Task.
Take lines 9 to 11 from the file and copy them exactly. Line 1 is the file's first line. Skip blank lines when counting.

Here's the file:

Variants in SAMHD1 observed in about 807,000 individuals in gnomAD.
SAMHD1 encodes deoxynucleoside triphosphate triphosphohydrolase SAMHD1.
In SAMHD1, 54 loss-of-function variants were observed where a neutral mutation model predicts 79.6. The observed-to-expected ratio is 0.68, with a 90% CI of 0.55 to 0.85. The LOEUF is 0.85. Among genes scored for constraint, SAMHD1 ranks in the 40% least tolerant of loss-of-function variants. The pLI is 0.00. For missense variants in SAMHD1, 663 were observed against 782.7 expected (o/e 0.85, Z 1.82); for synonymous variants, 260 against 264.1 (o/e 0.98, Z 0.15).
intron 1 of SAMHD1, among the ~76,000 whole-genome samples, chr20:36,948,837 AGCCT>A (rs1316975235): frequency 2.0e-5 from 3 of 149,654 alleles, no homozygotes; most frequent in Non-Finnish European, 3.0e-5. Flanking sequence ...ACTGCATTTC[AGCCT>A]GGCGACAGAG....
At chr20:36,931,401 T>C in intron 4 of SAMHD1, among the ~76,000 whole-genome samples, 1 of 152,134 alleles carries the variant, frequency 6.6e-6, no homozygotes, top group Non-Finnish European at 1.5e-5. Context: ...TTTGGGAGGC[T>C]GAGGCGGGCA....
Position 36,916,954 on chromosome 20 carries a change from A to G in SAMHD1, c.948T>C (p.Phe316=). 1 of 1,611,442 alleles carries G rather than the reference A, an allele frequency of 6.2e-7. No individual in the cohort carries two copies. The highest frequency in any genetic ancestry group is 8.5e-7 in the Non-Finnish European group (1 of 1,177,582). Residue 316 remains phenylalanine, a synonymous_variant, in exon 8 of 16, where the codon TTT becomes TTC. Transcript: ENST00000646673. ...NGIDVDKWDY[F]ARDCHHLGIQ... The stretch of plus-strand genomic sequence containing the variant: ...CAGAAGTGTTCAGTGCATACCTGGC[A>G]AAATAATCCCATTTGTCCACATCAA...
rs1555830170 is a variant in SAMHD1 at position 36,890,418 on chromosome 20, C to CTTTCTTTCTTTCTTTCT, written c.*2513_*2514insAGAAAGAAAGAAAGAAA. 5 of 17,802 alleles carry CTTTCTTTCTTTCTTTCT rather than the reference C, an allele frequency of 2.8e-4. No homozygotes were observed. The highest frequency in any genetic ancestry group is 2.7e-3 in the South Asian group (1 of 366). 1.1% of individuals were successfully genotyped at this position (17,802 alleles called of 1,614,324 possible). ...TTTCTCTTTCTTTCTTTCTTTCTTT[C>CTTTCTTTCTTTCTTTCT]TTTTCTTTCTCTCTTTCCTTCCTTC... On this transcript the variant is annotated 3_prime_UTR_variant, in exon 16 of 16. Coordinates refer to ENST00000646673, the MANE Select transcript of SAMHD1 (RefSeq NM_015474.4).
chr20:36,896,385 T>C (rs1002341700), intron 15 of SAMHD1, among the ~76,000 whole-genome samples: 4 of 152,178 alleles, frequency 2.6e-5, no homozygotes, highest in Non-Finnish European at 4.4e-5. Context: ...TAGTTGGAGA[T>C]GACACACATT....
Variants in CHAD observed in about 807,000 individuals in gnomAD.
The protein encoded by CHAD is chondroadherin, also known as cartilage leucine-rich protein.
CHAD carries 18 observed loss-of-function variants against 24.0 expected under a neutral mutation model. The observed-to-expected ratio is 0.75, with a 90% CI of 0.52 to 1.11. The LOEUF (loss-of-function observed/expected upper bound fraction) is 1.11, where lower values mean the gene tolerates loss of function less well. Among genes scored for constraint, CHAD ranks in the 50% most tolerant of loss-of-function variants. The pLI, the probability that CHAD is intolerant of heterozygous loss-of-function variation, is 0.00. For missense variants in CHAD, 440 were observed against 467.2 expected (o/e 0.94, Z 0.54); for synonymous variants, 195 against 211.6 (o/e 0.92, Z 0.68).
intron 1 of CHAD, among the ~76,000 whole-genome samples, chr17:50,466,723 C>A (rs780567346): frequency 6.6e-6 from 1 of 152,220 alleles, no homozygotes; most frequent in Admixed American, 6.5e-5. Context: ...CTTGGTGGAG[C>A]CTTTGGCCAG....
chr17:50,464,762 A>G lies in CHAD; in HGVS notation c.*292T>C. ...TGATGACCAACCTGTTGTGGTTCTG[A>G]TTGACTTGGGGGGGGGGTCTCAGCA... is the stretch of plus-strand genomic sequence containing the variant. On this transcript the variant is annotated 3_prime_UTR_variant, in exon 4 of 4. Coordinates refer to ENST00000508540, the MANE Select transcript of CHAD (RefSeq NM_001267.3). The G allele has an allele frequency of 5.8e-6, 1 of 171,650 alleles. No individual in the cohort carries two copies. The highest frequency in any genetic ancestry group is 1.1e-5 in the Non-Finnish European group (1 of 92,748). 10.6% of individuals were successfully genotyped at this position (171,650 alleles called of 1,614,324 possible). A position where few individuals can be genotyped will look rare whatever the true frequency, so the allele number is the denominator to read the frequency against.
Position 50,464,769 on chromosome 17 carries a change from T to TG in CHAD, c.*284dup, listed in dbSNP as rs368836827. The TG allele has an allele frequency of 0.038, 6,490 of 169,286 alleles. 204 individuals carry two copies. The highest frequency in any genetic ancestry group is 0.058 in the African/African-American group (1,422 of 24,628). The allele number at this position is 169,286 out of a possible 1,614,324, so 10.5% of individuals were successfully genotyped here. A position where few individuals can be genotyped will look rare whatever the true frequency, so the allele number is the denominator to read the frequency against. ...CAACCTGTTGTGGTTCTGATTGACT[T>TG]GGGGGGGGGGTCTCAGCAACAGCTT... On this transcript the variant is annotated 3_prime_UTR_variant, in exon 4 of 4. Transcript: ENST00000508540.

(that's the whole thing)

Variants in CHAD observed in about 807,000 individuals in gnomAD.
The protein encoded by CHAD is chondroadherin, also known as cartilage leucine-rich protein.
CHAD carries 18 observed loss-of-function variants against 24.0 expected under a neutral mutation model. The observed-to-expected ratio is 0.75, with a 90% CI of 0.52 to 1.11. The LOEUF (loss-of-function observed/expected upper bound fraction) is 1.11, where lower values mean the gene tolerates loss of function less well. Among genes scored for constraint, CHAD ranks in the 50% most tolerant of loss-of-function variants. The pLI, the probability that CHAD is intolerant of heterozygous loss-of-function variation, is 0.00. For missense variants in CHAD, 440 were observed against 467.2 expected (o/e 0.94, Z 0.54); for synonymous variants, 195 against 211.6 (o/e 0.92, Z 0.68).